We also had some other memorable dishes from the visit including homemade Duk Mandoo Guk (beef soup with beef dumplings and rice cakes) and Guksu jongol (spicy casserole with noodles). Had to throw these in too because they are absolute pure comfort food for any Korean!


Pure comfort indeed.

Like Pumpkin or Pistachio? Try Labriola’s gelato!

2 words: Labriola Bakery. It’s out in the western suburbs of Chicago in Oak Brook.

Not only does this bakery and cafe bake their own ridiculously good breads (ciabatta, pretzel rolls, baguettes, oh my!), and offer excellent brick oven pizzas and burgers, they also have authentic gelato.

Feast your eyes on their seasonal flavor: pumpkin!

Unlike other places that offer a pumpkin-flavored creamy frozen dessert that’s bright orange and pretty much tastes like vanilla, Labriola’s pumpkin gelato tastes like cinnamon-spiked pumpkin pie mousse. The luscious pumpkin flavor lingers on your tongue while the strong cinnamon effervescences up the back of your throat!

They’ve got a modest but good flavor selection including Hazelnut, Belgium Sugar Cookie, Chocolate, Stracciatella, Tiramisa, Tartufo (with rum), and Pistachio (of which I picked up a heavy pint).

Yum. 🙂

Sunday Dinner: Halibut en papillote, Mill City Farmer’s Market carrots, Butter leeks

Halibut en papillote, Mill City Farmer’s Market carrots, Butter leeks

This meal is inspired by my dear friend Jeanne Wang’s nature farm wedding celebration in St. Paul. While there I visited the fantastic Mill City Farmer’s Market and brought home some beautiful local vegetables. How better to showcase the vibrant colors and fresh flavors than cooking en papillote!


8 tablespoons extra virgin olive oil

2 tablespoons butter

1 leek, white and light green parts only, julienned

6 carrots, julienned

1 pint fresh shitake mushrooms, thinly sliced

2 tablespoons crushed fresh ginger

2 tablespoons grey salt or kosher salt

4 fillets skinless halibut, 8 ounces each

Fresh thyme

Dry white wine

Fresh ground black pepper to taste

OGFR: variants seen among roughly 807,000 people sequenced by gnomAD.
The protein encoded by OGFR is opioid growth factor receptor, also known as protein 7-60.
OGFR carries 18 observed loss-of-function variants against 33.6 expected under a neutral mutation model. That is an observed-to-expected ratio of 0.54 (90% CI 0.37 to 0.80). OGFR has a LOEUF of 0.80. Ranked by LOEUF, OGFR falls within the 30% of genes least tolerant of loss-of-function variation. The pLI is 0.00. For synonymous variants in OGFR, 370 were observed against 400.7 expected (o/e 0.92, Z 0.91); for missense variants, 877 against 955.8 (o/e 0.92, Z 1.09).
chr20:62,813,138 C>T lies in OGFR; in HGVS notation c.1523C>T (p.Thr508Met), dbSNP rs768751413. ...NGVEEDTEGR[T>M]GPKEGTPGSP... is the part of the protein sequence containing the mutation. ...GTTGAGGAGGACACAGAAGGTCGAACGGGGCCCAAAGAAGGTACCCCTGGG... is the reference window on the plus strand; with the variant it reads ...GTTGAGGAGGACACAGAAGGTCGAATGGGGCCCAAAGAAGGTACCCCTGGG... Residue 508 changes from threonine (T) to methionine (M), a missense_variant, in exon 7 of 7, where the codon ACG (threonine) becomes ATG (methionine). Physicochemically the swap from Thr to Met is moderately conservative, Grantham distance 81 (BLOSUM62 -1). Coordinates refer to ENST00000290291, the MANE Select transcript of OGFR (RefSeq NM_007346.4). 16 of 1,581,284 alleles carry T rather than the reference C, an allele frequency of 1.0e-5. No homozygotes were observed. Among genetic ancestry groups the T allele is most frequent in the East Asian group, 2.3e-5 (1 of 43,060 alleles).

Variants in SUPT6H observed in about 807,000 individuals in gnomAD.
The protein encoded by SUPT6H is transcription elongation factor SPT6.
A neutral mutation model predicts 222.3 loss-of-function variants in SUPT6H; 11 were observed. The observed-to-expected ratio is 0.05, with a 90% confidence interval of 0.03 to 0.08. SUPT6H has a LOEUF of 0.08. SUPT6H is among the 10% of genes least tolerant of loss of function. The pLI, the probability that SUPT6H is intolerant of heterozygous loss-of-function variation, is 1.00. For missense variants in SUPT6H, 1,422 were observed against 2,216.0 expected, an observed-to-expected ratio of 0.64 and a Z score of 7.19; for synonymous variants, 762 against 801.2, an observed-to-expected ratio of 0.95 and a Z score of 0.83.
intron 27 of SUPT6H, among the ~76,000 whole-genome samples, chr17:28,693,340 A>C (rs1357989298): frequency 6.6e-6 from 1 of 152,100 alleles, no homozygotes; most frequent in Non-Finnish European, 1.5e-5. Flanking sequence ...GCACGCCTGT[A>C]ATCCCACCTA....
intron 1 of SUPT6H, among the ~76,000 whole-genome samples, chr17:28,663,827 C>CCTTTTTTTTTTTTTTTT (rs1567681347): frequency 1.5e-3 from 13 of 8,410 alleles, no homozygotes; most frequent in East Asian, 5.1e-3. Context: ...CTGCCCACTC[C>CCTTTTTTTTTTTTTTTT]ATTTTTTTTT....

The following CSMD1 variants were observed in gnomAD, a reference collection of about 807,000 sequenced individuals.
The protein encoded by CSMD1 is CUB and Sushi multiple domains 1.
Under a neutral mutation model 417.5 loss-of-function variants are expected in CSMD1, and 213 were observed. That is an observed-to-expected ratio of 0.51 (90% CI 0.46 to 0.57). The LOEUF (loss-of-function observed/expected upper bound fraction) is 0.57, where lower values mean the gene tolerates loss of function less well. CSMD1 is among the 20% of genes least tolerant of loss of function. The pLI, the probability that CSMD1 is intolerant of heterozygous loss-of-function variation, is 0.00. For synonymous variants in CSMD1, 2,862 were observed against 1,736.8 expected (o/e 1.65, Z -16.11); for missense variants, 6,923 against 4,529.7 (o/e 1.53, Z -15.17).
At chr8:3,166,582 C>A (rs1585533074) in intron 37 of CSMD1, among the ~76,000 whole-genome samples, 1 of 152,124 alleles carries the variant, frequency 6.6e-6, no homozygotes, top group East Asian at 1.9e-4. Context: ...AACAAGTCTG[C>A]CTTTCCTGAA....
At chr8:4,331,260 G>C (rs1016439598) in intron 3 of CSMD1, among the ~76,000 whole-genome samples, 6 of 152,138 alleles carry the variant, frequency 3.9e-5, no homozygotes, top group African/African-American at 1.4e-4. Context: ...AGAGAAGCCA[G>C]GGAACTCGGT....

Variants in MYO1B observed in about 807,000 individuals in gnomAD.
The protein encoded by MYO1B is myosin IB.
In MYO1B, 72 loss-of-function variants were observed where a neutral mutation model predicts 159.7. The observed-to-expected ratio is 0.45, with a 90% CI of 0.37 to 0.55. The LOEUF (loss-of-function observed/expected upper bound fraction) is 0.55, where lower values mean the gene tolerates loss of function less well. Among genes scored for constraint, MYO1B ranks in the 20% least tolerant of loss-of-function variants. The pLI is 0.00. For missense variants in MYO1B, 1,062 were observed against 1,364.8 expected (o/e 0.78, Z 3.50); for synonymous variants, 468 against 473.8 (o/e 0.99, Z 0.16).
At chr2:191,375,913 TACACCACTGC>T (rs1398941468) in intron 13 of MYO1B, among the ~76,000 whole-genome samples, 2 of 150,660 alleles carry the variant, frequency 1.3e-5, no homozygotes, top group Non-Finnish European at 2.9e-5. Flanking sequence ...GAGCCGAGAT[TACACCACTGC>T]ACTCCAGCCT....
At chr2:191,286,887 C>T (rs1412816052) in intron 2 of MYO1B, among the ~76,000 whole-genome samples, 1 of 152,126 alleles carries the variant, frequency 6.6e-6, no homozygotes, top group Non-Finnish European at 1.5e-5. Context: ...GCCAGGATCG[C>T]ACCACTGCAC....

Parchment paper

Baking sheets


[Not a valid template]


Before you get cooking…

  • Heat oven to 375° F.
  • Cut eight 15” x 15” sheets of parchment paper.
  • Rinse your fish with cold water and pat dry. Set aside.
  • Julienne the carrots and leeks. Soak the leeks in cold water then drain to remove grit.
  • Slice the mushrooms.


Time to cook!

  • Heat a medium sauté pan to medium-high.
  • Add 2 tablespoons of olive oil and a tablespoon of butter. When you see the butter foam, add the leeks and sauté until translucent. About 2 minutes.
  • Remove the leeks and set aside.
  • Add 2 more tablespoons of olive oil and a tablespoon of butter just to re-coat the pan, and sauté the carrots for 2 minutes. Remove and set aside.
  • Season the halibut fillets well with salt and pepper on both sides.

Now you’re ready to create your first packet of goodness!

  • On a sheet of parchment paper, place a small flat mound (~1/2 cup) of leeks in the middle of the paper.
  • Then place a layer of carrots on the leeks. Follow with a thin layer of the raw mushrooms.
  • To taste, sprinkle a little fresh ginger over the vegetable mound.
  • Carefully place the halibut on the vegetables. Top it off with 2 fresh sprigs of thyme.
  • Drizzle a tablespoon of extra virgin olive oil over the halibut.
  • Along the edges and over the mound, sprinkle 3-4 tablespoons of white wine.
  • Place another sheet of parchment paper over the mound and line up edges with other sheet.
  • Starting at the top right hand corner, fold the paper over itself and fold the edges until they are about 4 inches away from the food.
  • Then at the fold, starting at the end nearest you, fold over the parchment over again in the same way.
  • Continue folding the paper over itself, and firmly twisting them closed until the entire mound is sealed so no moisture can escape.
  • Repeat for all 4 fillets.
  • Place a package or two in a single layer on a baking sheet. Bake for 25 minutes.

Without opening the oven door, see if the packets puff up! That’s a sign it’s working!

  • Remove from the oven and serve immediately en papillote at the table or serve separately.
  • Use a paring knife to cut open the packets. Be very careful of the escaping steam!



09 2010